Telling our stories is one of the most healing processes after any trauma. Whether you lost your home and treasures in Katrina, lost nothing and have survivor’s guilt, went to the Gulf coast on work trips, you are a Katrina survivor, and journaling is one of the most healing ways you can tell your story.
Whether you have ten minutes or several hours, writing is valuable. This is not writing for English teachers. No one will see it but you unless you offer. You don’t have to worry about spelling or punctuation or organization. I am inviting you to a process called free writing, allowing to flow onto the page whatever comes up. In my experience, often things arise that surprise me.
The tools you need are simple, something to write on and with. I prefer sketchbooks (no lines) so I can write BIG if I want to emphasize and small if I want to whisper, but a lined composition book or blank notebook or copy paper will do just fine.
Begin by sitting quietly, tuning in to your heart. Maybe you want to light a candle. I usually do when I’m about to write. Maybe you want to gather around you photos or mementos of the time since Katrina. Take a few deep breaths, blowing out as long as you can.
Then maybe you will want to begin with one of these prompts or create your own:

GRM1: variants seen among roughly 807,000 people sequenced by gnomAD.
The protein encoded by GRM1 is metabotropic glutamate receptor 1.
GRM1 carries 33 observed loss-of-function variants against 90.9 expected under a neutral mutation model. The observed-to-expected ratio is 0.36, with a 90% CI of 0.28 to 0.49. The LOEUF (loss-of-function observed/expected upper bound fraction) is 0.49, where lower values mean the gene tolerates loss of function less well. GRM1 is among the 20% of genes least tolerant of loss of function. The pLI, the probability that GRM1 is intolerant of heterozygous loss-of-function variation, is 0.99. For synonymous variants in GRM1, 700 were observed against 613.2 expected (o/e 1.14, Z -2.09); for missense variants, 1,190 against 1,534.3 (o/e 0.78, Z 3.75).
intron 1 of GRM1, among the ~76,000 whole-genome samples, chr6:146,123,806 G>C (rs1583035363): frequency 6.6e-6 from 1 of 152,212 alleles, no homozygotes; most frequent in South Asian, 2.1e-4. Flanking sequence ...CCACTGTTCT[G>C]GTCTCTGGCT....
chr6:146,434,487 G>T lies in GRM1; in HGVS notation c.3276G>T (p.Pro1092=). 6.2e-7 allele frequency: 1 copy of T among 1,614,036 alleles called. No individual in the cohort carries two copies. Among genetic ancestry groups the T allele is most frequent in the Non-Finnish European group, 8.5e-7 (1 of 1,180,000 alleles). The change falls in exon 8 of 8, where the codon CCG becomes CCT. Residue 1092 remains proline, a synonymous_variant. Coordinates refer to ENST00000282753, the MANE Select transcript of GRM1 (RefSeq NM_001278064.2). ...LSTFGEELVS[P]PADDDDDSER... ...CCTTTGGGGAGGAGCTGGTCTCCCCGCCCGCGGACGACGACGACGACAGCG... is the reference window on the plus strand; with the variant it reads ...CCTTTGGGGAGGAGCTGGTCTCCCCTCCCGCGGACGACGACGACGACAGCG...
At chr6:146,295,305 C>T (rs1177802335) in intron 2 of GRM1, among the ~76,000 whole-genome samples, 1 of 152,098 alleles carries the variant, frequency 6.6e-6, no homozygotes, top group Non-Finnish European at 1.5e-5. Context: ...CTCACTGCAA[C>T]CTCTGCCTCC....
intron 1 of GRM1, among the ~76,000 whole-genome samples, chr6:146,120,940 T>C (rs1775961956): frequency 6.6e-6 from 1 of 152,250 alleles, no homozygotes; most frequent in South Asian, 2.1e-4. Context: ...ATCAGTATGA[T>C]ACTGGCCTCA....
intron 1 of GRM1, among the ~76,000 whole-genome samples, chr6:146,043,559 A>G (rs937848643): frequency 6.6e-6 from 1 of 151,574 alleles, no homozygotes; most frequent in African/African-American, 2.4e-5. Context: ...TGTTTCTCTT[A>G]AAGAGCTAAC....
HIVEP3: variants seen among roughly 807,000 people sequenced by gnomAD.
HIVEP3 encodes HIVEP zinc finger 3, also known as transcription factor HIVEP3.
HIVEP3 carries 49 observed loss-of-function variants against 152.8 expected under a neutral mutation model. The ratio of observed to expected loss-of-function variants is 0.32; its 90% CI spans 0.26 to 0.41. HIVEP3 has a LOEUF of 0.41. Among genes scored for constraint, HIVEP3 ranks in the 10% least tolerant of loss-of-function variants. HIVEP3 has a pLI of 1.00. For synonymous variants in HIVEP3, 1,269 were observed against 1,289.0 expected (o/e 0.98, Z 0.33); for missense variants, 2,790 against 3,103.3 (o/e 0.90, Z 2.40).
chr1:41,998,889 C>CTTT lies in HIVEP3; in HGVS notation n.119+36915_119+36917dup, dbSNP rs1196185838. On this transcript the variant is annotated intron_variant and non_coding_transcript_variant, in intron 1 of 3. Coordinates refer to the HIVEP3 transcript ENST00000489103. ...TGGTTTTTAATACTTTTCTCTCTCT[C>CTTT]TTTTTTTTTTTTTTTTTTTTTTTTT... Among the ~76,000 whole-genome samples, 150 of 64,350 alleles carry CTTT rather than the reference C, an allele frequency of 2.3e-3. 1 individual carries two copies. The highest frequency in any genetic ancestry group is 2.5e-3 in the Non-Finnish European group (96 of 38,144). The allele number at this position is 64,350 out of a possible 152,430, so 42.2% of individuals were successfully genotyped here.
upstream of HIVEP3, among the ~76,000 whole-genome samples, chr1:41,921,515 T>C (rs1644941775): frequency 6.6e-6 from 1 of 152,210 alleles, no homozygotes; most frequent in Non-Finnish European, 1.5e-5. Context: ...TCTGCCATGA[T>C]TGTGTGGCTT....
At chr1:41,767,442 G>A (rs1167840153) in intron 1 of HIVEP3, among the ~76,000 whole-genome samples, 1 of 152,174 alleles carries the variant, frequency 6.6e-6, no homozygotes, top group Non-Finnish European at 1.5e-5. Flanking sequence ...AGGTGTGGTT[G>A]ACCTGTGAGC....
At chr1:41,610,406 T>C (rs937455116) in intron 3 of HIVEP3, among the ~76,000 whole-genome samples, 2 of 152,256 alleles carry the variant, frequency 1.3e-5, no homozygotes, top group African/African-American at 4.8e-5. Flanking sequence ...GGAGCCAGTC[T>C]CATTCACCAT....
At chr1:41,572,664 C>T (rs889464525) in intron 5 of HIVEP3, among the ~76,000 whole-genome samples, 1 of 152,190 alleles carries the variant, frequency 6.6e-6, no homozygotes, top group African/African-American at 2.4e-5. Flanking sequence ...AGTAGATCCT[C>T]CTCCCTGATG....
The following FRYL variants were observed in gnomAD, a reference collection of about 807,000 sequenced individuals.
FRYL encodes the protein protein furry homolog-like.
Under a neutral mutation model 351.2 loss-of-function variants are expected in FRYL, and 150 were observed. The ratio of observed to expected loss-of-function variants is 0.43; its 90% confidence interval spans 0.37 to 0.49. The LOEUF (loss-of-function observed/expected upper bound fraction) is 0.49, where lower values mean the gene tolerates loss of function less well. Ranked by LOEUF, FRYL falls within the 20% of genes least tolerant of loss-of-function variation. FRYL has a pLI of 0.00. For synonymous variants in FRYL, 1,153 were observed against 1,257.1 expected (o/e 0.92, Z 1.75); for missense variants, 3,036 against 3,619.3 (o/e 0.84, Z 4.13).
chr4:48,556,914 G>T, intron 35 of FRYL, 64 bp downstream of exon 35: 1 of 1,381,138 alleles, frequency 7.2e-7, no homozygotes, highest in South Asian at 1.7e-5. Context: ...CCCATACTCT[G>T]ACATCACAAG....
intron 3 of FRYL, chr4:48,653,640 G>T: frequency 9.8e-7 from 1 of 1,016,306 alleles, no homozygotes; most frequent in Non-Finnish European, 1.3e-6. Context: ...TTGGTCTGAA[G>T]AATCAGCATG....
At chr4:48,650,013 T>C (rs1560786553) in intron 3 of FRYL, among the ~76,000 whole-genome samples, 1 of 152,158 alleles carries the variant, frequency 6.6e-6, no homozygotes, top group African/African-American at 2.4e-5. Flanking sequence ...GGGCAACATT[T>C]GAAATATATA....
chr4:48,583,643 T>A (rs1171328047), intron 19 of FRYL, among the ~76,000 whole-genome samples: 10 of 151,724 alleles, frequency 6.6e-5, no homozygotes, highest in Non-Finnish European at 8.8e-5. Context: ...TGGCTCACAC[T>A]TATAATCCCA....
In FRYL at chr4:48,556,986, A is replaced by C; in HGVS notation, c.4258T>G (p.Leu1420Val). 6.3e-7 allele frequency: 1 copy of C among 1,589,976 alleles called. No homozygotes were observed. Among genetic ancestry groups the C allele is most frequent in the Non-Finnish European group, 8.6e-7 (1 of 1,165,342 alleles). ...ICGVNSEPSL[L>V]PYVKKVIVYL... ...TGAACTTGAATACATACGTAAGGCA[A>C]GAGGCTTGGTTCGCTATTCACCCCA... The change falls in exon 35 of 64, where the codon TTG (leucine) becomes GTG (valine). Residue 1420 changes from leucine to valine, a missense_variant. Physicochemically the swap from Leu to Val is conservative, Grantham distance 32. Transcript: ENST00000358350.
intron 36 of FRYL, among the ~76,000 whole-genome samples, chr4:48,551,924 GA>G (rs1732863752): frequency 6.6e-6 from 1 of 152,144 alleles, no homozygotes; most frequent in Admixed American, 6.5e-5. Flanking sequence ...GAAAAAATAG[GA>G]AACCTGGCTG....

- Free Writing. Start writing a sentence that begins something like this; then allow it take you wherever it leads: The time since Katrina has been a season of my life when . . . . Write as long as it flows; then you might want to intentionally remember the people, the sounds and silence, the sights, the smells, the tastes, the sensations of wind on your face and hugs. If you run out of something to say after a short time, just keep writing, maybe something like this: I’m not sure what else I want to say…. Usually something new will come forth.
- Reflections on Treasures Lost or Salvaged. Maybe you have a photograph or a vivid picture in your mind of something you treasure because it was a symbol of someone dear, a reminder of a time in your life that you remember with meaning and joy. Focus on that image. Start to tell the story of your life with that treasure. In Katrina’s Grace I wrote a story about my Singer sewing machine and my memories of my beloved mother-in-law teaching me to sew one it, of me teaching my daughter to sew on it, and of our hoping I would teach my little granddaughter to sew on that machine. Such treasures are the reminders of love relationships in our lives and they are not just stuff!
- Memories of Grace. You might begin by listing memories of good things that happened to you, or people who came to help, of inspirations you received. In Katrina’s Grace, I wrote about friends and strangers sending gifts, praying for us, coming to help. I even wrote about the grace of having a FEMA trailer on my lot so I could be at home. I wrote about the grace of remembering my life with my treasures and of the inspiration of nature as trees grew new leaves out of season.
- Reflections on How the Storm Changed You. As you remember the time since Katrina, you may realize that you are stronger, more resilient now. Maybe you want to write about the ways you are changed by your experience of the storm. This is an opportunity to look inward to see who you are now. Maybe you even want to notice signs of who you are becoming and write about those.
Journaling is a tool you can use any time. I hope these processes will enrich your life, take you to that deep place within where your spirit meets the Divine, and put you in touch with your Heart Wisdom.